Learn More
Engineered myocardial tissues can be used to elucidate fundamental features of myocardial biology, develop organotypic in vitro model systems, and as engineered tissue constructs for replacing damaged heart tissue in vivo. However, a key limitation is an inability to test the wide range of parameters (cell source, mechanical, soluble and electrical stimuli)(More)
The brain deformation that occurs during neurosurgery is a serious issue impacting the patient "safety" as well as the invasiveness of the brain surgery. Model-driven compensation is a realistic and efficient solution to solve this problem. However, a vital issue is the lack of reliable and easily obtainable patient-specific mechanical characteristics of(More)
Substrates with tunable mechanical properties are crucial for the study of cellular processes, and polyacrylamide gels (PAGs) are frequently used in this context. Several experimental techniques have been proposed to obtain the mechanical properties of PAGs. However, the range of the considered Poisson's ratio values remains quite large and no attempt has(More)
More than a century ago, it was proposed that mechanical forces could drive tissue formation. However, only recently with the advent of enabling biophysical and molecular technologies are we beginning to understand how individual cells transduce mechanical force into biochemical signals. In turn, this knowledge of mechanotransduction at the cellular level(More)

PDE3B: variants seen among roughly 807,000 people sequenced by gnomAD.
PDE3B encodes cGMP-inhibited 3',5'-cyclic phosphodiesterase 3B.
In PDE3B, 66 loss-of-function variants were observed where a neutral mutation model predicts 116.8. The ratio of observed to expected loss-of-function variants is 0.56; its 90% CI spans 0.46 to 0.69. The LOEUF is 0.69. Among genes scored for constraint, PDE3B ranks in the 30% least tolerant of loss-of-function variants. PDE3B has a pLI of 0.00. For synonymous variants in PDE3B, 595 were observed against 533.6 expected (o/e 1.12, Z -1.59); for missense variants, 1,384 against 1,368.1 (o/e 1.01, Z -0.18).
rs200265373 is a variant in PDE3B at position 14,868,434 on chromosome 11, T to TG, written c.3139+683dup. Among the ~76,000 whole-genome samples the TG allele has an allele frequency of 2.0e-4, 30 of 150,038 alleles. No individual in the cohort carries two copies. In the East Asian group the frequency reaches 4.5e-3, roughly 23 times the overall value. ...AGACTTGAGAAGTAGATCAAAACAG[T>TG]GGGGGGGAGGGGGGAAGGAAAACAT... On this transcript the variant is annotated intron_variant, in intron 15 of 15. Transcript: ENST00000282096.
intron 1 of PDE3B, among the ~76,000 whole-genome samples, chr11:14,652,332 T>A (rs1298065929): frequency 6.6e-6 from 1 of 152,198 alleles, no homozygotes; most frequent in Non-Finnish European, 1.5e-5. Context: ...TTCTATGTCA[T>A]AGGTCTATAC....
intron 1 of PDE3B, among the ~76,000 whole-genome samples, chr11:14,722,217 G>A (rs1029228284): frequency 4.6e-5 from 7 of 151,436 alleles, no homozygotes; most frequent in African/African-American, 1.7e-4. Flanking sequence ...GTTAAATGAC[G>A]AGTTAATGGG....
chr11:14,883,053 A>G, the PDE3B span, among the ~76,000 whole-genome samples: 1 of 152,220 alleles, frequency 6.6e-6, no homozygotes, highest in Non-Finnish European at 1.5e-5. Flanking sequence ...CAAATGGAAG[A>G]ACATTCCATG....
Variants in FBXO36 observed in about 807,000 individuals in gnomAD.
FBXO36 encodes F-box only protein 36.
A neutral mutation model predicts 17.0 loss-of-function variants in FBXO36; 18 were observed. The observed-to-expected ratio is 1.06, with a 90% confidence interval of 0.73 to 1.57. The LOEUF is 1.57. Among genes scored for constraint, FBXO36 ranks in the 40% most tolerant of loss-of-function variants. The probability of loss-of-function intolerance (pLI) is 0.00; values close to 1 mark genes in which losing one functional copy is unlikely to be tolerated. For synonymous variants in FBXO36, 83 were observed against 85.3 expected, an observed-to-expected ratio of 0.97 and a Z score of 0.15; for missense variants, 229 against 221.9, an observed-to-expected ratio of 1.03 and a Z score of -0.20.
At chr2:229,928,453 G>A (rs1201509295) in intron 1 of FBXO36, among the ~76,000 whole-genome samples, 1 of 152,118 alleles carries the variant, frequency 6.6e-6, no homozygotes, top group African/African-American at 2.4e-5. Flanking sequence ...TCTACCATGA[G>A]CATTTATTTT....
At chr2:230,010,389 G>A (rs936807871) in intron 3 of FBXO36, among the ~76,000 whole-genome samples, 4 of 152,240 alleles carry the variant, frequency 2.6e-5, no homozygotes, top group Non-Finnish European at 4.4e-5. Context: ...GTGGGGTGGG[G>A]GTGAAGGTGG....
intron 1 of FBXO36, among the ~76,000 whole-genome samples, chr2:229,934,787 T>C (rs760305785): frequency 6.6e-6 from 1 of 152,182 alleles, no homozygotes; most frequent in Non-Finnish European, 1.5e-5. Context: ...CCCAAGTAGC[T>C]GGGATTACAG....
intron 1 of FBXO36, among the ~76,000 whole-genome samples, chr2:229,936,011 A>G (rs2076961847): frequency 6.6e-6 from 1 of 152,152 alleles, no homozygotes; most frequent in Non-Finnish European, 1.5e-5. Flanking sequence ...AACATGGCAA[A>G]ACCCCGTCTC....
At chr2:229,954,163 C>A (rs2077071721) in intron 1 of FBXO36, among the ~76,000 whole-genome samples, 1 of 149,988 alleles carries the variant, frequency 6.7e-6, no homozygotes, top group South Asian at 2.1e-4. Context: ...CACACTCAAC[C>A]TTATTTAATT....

Densely arrayed skeletal myotubes are activated individually and as a group using precise optical stimulation with high spatiotemporal resolution. Skeletal muscle myoblasts are genetically encoded to express a light-activated cation channel, Channelrhodopsin-2, which allows for spatiotemporal coordination of a multitude of skeletal myotubes that contract in(More)
The design of advanced functional materials with nanometer- and micrometer-scale control over their properties is of considerable interest for both fundamental and applied studies because of the many potential applications for these materials in the fields of biomedical materials, tissue engineering, and regenerative medicine. The layer-by-layer deposition(More)
Cell biologists and biomaterials scientists are used to presenting cell adhesive ligands as they are in vivo: that is, in their insoluble form and in proximity to the cell adhesion site. [ 1,2 ] Intriguingly, this approach has barely been adopted for growth factors, usually presented to the cell in solution or as a releasable molecule, whereas growth(More)
The cell microenvironment is a complex and anisotropic matrix composed of a number of physical and biochemical cues that control cellular processes. A current challenge in biomaterials is the engineering of biomimetic materials which present spatially controlled physical and biochemical cues. The layer-by-layer assembly of polyelectrolyte multilayers (PEM)(More)
The micropipette aspiration (MA) experiment remains a quite widely used micromanipulation technique for quantifying the elastic modulus of cells and, less frequently, of other biological samples. However, moduli estimations derived from MA experiments are only valid if the probed sample is non-adherent to the rigid substrate. This study extends this(More)
Different types of polyelectrolyte multilayer films composed of poly(L-lysine)/hyaluronan (PLL/HA), chitosan/hyaluronan (CHI/HA) and poly(allylamine hydrochloride)/poly(L-glutamic acid) (PAH/PGA) have been investigated for their internal composition, including water content, ion pairing, and ability to be covalently cross-linked, as well as for their(More)